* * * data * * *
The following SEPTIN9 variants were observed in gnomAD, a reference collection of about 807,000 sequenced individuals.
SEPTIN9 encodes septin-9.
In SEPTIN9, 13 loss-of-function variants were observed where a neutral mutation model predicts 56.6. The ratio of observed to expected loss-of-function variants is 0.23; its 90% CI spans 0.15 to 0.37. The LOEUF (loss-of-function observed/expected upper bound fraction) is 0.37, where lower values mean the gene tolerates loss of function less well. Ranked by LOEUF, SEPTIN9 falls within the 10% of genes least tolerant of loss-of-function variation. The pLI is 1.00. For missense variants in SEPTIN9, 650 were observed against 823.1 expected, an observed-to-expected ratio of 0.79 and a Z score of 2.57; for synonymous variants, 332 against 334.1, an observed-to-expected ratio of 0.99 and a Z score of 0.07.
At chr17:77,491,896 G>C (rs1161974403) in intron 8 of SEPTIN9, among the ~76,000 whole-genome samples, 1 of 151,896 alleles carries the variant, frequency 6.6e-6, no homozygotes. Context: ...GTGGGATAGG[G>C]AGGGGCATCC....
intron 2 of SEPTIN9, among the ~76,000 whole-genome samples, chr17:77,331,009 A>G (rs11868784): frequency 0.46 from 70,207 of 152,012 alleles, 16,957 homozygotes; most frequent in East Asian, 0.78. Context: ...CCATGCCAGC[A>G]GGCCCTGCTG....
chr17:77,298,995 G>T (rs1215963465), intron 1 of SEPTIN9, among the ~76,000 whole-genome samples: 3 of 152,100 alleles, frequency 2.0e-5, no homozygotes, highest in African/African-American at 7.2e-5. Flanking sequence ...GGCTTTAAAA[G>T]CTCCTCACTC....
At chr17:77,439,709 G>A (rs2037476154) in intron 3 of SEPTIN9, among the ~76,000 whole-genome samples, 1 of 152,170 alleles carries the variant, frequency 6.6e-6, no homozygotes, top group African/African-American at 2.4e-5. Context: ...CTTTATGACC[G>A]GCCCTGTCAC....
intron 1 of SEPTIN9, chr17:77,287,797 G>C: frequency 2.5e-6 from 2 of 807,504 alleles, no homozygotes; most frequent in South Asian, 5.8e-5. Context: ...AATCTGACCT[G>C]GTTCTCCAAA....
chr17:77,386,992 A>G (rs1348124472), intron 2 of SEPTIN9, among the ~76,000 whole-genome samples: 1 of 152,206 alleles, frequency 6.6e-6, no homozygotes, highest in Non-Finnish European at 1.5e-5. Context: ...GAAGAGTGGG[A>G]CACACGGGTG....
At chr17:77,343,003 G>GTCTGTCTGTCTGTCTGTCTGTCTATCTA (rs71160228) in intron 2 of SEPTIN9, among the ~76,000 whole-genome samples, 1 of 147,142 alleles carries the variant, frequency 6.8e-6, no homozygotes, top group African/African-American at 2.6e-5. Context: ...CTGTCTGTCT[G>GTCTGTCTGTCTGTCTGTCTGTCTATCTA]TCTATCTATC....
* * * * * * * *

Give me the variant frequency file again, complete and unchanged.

The following SEPTIN9 variants were observed in gnomAD, a reference collection of about 807,000 sequenced individuals.
SEPTIN9 encodes septin-9.
In SEPTIN9, 13 loss-of-function variants were observed where a neutral mutation model predicts 56.6. The ratio of observed to expected loss-of-function variants is 0.23; its 90% CI spans 0.15 to 0.37. The LOEUF (loss-of-function observed/expected upper bound fraction) is 0.37, where lower values mean the gene tolerates loss of function less well. Ranked by LOEUF, SEPTIN9 falls within the 10% of genes least tolerant of loss-of-function variation. The pLI is 1.00. For missense variants in SEPTIN9, 650 were observed against 823.1 expected, an observed-to-expected ratio of 0.79 and a Z score of 2.57; for synonymous variants, 332 against 334.1, an observed-to-expected ratio of 0.99 and a Z score of 0.07.
At chr17:77,491,896 G>C (rs1161974403) in intron 8 of SEPTIN9, among the ~76,000 whole-genome samples, 1 of 151,896 alleles carries the variant, frequency 6.6e-6, no homozygotes. Context: ...GTGGGATAGG[G>C]AGGGGCATCC....
intron 2 of SEPTIN9, among the ~76,000 whole-genome samples, chr17:77,331,009 A>G (rs11868784): frequency 0.46 from 70,207 of 152,012 alleles, 16,957 homozygotes; most frequent in East Asian, 0.78. Context: ...CCATGCCAGC[A>G]GGCCCTGCTG....
chr17:77,298,995 G>T (rs1215963465), intron 1 of SEPTIN9, among the ~76,000 whole-genome samples: 3 of 152,100 alleles, frequency 2.0e-5, no homozygotes, highest in African/African-American at 7.2e-5. Flanking sequence ...GGCTTTAAAA[G>T]CTCCTCACTC....
At chr17:77,439,709 G>A (rs2037476154) in intron 3 of SEPTIN9, among the ~76,000 whole-genome samples, 1 of 152,170 alleles carries the variant, frequency 6.6e-6, no homozygotes, top group African/African-American at 2.4e-5. Context: ...CTTTATGACC[G>A]GCCCTGTCAC....
intron 1 of SEPTIN9, chr17:77,287,797 G>C: frequency 2.5e-6 from 2 of 807,504 alleles, no homozygotes; most frequent in South Asian, 5.8e-5. Context: ...AATCTGACCT[G>C]GTTCTCCAAA....
chr17:77,386,992 A>G (rs1348124472), intron 2 of SEPTIN9, among the ~76,000 whole-genome samples: 1 of 152,206 alleles, frequency 6.6e-6, no homozygotes, highest in Non-Finnish European at 1.5e-5. Context: ...GAAGAGTGGG[A>G]CACACGGGTG....
At chr17:77,343,003 G>GTCTGTCTGTCTGTCTGTCTGTCTATCTA (rs71160228) in intron 2 of SEPTIN9, among the ~76,000 whole-genome samples, 1 of 147,142 alleles carries the variant, frequency 6.8e-6, no homozygotes, top group African/African-American at 2.6e-5. Context: ...CTGTCTGTCT[G>GTCTGTCTGTCTGTCTGTCTGTCTATCTA]TCTATCTATC....